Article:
Growth in the selling and leasing of residential units will continue to provide shelter to the population. This process would provide profit to the developers while bridging the gap with the demand and housing supply.
The retail market will likewise be boosted if the REIT Law will eventually implemented and developers will list their income-generating retail properties as REIT companies in the stock exchange. The investing public would enjoy dividends from the 90% net operating income of these retails spaces. As earlier reported, the SM Group has 58 malls, Robinsons Group has 40 malls, and Cosco/Puregold Group has 36 stores. The Ayala Group intends to reach the 3-million square meter mark in shopping mall footprint by 2020 while Megaword Group will launch an average of 60,000 to 70,000 square meters of retail space every year until 2019. The Vista Land Group intends to open six to seven “AllHome” annually over the next five years that would be integrated with their residential developments.
Apart from the malls, these retailers have been expanding the various retail platforms such as groceries and convenience stores among others. Continuous growth in the retail market would make shopping even more convenient to the consumers.
HOTEL AND GAMING MARKET
Philippine tourism has been benefitting from the steady growth of tourist arrivals in recent years. While the 6 million-per year mark is still to be reached, tourist arrivals for the first three months already reached over 1.6 million. More importantly, the government through the Department of Tourism and its attached agency the Tourism Infrastructure and Enterprise Zone Authority (TIEZA) have been devising ways to prop the country’s tourism.
Like the REIT Law and Philippine Economic Zone Authority, TIEZA has been empowered to give incentives to investors and developers in the tourism industry to accelerate developments. The implementing rules of these incentives have been however stalled due to President Aquino administration’s suspicion on tax and other fiscal incentives. While waiting for the final verdict on the incentives, TIEZA designated tourism enterprise zones (TEZs) in Bulacan (Ciudad de Victoria); Cebu (Queen’s Castle); Davao (Hijo); Dumaguete (Bravo Golf Resort); and Manila (Resorts World). It also identified flagship TEZs to spur developments in various regions. At present, the identified flagship TEZs are in Bataan (Mt. Samat Shrine); Bohol (South Palms); Manila (Rizal Park); Palawan (San Vicente); and Surigao Del Norte (Kapihan Nature and Adventure Park).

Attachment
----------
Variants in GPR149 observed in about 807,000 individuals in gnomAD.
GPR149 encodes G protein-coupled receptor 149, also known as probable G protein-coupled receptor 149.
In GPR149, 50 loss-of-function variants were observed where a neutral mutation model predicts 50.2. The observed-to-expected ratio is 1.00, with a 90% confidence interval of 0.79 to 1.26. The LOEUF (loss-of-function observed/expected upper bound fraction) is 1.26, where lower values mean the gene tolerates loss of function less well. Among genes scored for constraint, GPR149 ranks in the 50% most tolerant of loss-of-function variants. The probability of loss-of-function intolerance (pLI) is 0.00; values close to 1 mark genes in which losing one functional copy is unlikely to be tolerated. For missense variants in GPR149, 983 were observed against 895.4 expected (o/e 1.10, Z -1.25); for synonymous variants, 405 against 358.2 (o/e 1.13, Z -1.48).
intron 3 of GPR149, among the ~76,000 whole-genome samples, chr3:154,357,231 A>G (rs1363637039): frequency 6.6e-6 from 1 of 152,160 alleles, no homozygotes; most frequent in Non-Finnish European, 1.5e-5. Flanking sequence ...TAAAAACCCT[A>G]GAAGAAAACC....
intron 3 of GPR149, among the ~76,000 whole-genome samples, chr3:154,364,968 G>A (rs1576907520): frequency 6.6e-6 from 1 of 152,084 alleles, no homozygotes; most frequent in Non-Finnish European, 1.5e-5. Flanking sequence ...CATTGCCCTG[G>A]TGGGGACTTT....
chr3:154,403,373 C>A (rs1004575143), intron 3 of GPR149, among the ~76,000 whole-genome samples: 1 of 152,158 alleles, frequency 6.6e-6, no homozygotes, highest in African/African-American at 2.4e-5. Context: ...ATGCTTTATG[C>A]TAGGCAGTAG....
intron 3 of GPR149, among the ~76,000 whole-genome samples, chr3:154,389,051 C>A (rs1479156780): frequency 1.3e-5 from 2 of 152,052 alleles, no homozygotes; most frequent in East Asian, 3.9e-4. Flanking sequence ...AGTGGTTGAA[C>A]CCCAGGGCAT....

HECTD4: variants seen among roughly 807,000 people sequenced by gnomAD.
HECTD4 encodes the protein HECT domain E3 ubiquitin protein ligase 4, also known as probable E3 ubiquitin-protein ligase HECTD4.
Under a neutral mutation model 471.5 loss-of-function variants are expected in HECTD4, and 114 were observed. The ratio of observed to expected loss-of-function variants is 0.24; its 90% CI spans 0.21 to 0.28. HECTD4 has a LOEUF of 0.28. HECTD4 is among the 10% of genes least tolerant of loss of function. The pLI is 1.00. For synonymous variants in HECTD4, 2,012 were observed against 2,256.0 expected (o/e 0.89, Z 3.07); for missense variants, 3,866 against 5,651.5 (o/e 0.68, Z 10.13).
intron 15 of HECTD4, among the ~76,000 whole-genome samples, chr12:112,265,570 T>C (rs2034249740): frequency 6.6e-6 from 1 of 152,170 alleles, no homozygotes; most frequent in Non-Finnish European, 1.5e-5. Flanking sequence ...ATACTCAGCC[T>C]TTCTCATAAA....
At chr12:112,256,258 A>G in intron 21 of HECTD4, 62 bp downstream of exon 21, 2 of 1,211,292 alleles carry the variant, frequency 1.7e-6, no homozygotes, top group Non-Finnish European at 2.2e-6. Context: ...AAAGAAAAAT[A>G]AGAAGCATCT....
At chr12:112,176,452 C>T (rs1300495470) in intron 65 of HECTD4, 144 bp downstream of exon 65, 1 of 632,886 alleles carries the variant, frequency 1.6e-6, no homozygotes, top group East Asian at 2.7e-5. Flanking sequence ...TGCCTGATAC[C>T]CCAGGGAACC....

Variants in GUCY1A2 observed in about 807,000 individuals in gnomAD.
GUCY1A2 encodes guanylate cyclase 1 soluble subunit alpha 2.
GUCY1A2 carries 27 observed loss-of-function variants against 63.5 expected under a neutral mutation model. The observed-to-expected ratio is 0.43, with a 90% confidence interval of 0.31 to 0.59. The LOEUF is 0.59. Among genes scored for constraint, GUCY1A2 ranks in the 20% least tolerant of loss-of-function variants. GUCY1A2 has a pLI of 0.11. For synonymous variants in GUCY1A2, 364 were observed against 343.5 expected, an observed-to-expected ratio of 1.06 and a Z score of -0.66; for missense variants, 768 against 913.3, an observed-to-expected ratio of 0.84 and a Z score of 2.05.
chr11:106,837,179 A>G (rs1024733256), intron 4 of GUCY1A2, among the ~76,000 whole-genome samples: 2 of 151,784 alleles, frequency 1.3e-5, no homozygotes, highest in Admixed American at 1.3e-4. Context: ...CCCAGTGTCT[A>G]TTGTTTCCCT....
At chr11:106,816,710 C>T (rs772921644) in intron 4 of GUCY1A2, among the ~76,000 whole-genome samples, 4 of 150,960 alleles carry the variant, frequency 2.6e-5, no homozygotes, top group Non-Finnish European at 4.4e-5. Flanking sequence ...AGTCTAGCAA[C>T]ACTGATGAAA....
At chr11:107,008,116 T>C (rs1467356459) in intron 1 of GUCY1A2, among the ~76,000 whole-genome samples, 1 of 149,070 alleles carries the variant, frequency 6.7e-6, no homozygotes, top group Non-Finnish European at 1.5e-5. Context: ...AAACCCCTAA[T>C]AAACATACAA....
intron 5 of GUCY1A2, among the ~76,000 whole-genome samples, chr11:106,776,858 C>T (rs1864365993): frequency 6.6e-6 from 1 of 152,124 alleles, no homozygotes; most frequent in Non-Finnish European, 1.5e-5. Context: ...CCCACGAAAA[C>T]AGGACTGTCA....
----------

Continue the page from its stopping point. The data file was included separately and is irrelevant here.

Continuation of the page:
The focused development of tourism infrastructure would positively impact on the development of hotel, gaming and leisure industry. This would be good to both the local and foreign tourists since there will be more choices of tourist spots, events and accommodations; and in turn, generate more revenues, dollars or otherwise.
Special Economic Zone status and Philippine Economic Zone Authority (PEZA) accreditation have been motivating investors and developers to build more industrial cum commercial spaces. PEZA even accredits Information Technology Parks/Centers, Tourism Economic Zone, Medical Tourism Economic Zones, Retirement Economic Zones, Agro-Industrial Economic Zone, Facilities Economic Zones, and Utilities Enterprise Economic Zone.
The Filinvest Group is pushing its advantage in integrating mixed used developments around Clark Special Economic Zone (CSEZ). The Group won the development rights on the 288-hectare Clark Green City and long term lease of the 201-hectare former Mimosa Leisure Estate. Filinvest would presumably take advantage of the pent up demand for industrial spaces, and blend in other commercial and residential developments to increase the level of success and profitability.